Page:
3. The second ground which appealed to the Tribunal was that the workman concerned should have done during the working hours the work which he has done during the hours that he worked overtime. He could have and should have done all the work in his regular hours and need not have worked overtime, says the Management. It was never the case of the employer that during his regular working hours the employee had idled away his time. In fact it is an admitted position that during the relevant period there was an increase in the workload by reason of the fact that a new system known as the efficiency system for payment of wages was introduced in place of the fixed wage system which prevailed thereto, before. It stands to reason to assume that the need to work overtime arose because of this additional burden thrown on him. When admittedly new workload was heaped on his head, it is understandable that he could not discharge this additional burden along with the normal workload during the regular working hours and was required to work overtime. The only other argument which was urged was that after the termination of the services of the workman concerned, (who was a non-Matriculate) a new employee (a Graduate) had replaced him and that this new employee was able to complete his work without having to work overtime. This argument is fallacious. We are not concerned with the quantum of the work and the extent of the workload after the termination of the services of the workman concerned. There is no data to ascertain the workloads at the different points of time. There is no evidence on the point. Merely because someone else in later years could complete the work during regular hours it cannot be said that the workman concerned need not have worked overtime particularly when the fact that he had worked overtime and that during that time he had in fact done the work forming a part of his duties and discharged the additional workload thrown on him, is not in dispute. The extent of work an employee can do in specified time must depend on the subjective factor relating to his qualifications for the work and his capacity. The workman who was a non-Matriculate was appointed with the full knowledge of his qualifications and capacity. He was never charged with deliberately idling away his time. Nor was any evidence adduced to show that he was doing so. That a Graduate employed to replace him was not required to work overtime is irrelevant. While it cannot be posited that a Graduate can always work more efficiently then one who is a non-matriculate, even so with the qualifications possessed by the new workman it is understandable that he could have completed the work assigned to him during regular hours without having to do overtime. That is altogether irrelevant particularly when as pointed out earlier it is not in dispute (1) that the workman was not idling away his time during his regular hours and (2) that additional burden was thrown on him on account of the introduction of the efficiency system and (3) that he had in fact worked overtime. Add to these three factors the circumstance that even after the workman concerned approached the Labour Court on 18-2-72 asserting his claim for overtime payment he was permitted to work overtime till November 1972. If the Management did not want him to work overtime, it could have asked him not to work overtime particularly after the workman approached the Labour Court. All these factors have been overlooked by the Labour Court in rendering the impugned award.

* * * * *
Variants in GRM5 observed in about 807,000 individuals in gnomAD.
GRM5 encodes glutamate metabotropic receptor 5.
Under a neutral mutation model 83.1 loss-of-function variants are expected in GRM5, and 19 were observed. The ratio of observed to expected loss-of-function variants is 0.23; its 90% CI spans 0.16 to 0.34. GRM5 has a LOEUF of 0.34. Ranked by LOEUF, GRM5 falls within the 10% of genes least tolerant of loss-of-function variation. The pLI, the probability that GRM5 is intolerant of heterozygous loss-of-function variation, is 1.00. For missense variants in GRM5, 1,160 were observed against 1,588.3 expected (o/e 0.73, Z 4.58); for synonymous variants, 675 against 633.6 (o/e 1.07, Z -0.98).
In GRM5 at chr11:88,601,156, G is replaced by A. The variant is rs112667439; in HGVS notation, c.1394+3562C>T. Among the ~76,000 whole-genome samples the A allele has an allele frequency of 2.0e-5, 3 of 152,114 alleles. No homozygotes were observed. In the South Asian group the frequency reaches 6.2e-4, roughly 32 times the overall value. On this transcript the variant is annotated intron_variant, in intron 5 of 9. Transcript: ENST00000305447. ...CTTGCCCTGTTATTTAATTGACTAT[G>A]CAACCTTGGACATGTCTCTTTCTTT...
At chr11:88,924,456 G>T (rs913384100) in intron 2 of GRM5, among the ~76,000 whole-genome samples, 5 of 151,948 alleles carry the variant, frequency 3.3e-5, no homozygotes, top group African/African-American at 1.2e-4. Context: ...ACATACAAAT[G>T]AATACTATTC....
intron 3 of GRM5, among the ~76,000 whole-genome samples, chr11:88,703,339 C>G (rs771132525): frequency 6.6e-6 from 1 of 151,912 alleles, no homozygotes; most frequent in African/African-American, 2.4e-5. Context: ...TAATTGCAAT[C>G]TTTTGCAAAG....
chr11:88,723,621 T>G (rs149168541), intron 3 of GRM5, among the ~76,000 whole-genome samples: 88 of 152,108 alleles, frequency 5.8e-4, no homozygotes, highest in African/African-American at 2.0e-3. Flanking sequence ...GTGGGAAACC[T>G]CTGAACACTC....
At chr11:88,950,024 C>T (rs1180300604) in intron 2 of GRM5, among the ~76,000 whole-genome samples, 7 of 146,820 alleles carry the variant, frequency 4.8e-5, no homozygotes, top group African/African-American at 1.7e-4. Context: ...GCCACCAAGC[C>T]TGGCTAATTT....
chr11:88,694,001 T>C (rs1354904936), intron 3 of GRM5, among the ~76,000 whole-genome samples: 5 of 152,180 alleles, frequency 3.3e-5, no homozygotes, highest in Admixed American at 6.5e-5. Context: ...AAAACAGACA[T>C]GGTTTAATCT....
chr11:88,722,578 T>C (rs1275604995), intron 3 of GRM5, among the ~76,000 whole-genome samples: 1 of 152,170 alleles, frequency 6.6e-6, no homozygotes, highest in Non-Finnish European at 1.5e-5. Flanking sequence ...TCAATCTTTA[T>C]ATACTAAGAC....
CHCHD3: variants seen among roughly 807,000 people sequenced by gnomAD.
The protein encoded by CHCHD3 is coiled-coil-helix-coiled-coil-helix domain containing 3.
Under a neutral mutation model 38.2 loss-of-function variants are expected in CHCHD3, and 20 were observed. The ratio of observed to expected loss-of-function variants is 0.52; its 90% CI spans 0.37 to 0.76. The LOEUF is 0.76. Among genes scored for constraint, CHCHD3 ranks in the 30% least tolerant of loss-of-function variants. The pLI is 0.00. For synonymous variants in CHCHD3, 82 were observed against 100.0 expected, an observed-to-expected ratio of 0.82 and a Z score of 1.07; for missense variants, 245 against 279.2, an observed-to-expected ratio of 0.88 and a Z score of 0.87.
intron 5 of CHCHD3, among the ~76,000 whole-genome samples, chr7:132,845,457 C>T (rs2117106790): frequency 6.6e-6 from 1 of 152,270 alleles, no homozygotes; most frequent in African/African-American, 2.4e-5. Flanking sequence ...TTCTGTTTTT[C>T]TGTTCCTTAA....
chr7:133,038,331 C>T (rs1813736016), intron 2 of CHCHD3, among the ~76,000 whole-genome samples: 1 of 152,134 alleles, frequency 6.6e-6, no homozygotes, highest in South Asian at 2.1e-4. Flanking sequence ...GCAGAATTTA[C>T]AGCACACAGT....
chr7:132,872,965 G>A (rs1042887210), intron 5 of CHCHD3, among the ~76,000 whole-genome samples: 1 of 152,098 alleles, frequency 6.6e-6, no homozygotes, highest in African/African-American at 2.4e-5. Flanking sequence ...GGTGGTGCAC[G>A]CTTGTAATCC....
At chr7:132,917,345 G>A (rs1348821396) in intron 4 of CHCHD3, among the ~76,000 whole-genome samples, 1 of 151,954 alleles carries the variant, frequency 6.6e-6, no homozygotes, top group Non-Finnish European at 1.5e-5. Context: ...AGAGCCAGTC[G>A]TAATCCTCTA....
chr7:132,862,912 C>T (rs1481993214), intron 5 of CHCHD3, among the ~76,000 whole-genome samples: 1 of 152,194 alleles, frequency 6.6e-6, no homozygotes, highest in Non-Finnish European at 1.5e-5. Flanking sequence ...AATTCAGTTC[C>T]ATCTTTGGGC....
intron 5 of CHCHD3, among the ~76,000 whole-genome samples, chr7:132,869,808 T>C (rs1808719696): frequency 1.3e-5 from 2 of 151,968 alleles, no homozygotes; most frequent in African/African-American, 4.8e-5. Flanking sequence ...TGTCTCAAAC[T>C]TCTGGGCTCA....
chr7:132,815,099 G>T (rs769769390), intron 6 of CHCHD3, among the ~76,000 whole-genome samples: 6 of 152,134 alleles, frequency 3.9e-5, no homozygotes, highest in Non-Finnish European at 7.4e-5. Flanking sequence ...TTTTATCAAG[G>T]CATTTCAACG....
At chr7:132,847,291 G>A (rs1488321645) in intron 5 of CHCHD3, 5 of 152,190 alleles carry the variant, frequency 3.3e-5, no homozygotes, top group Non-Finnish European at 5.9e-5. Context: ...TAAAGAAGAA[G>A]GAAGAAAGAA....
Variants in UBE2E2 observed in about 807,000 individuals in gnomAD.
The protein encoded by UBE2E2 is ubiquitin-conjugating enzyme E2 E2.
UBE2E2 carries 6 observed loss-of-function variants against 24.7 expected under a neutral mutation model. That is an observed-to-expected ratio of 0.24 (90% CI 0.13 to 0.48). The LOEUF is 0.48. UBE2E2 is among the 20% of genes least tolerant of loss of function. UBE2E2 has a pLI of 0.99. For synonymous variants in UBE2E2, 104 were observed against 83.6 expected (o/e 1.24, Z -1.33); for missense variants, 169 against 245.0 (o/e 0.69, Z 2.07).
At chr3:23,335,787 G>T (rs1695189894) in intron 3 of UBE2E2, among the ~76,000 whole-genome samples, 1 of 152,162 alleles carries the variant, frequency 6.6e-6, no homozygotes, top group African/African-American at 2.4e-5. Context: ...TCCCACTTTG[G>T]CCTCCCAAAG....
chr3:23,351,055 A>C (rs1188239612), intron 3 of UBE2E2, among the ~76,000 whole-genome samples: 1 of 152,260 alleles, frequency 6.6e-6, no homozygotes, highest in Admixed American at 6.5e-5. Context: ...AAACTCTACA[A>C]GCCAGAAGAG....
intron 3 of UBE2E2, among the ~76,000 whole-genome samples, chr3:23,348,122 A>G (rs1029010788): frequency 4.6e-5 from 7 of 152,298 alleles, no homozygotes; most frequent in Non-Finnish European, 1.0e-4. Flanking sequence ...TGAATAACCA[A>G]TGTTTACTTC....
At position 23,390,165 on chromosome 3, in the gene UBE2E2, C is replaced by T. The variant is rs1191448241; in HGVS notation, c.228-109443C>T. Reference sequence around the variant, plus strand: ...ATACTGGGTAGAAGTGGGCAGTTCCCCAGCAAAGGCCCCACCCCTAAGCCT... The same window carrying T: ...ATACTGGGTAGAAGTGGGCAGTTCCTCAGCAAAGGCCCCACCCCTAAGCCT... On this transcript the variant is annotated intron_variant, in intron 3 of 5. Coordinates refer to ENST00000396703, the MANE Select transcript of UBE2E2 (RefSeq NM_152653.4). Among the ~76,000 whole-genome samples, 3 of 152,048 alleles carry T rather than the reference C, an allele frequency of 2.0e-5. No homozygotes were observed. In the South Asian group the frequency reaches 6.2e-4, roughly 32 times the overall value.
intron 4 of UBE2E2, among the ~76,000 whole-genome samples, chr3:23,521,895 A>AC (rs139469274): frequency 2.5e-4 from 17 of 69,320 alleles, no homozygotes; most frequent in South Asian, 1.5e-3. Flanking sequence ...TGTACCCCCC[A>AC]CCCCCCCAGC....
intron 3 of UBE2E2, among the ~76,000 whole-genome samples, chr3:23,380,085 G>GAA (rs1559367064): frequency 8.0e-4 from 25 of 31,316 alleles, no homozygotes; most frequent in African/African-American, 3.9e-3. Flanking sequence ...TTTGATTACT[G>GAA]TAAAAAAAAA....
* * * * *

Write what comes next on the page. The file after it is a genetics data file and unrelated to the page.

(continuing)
4. The petition must, therefore, succeed. The impugned order passed by the Labour Court in the Recovery Application in question is reversed and set aside. The Recovery Application made by the workman concerned being Recovery Application No. 573 of 1973 is granted.
5. It may be mentioned that the amount claimable is not in dispute for parties are agreed that if the workman is entitled to succeed, he would be entitled to payment of a sum of Rs. 3643.02 as mentioned in Annexure 'A'. The respondent Rustom Jehangir Vakil Mills Co. Ltd. is, therefore, directed to pay the aforesaid amount to the petitioner on or before July 28, 1980 with costs throughout. Rule is made absolute to the aforesaid extent.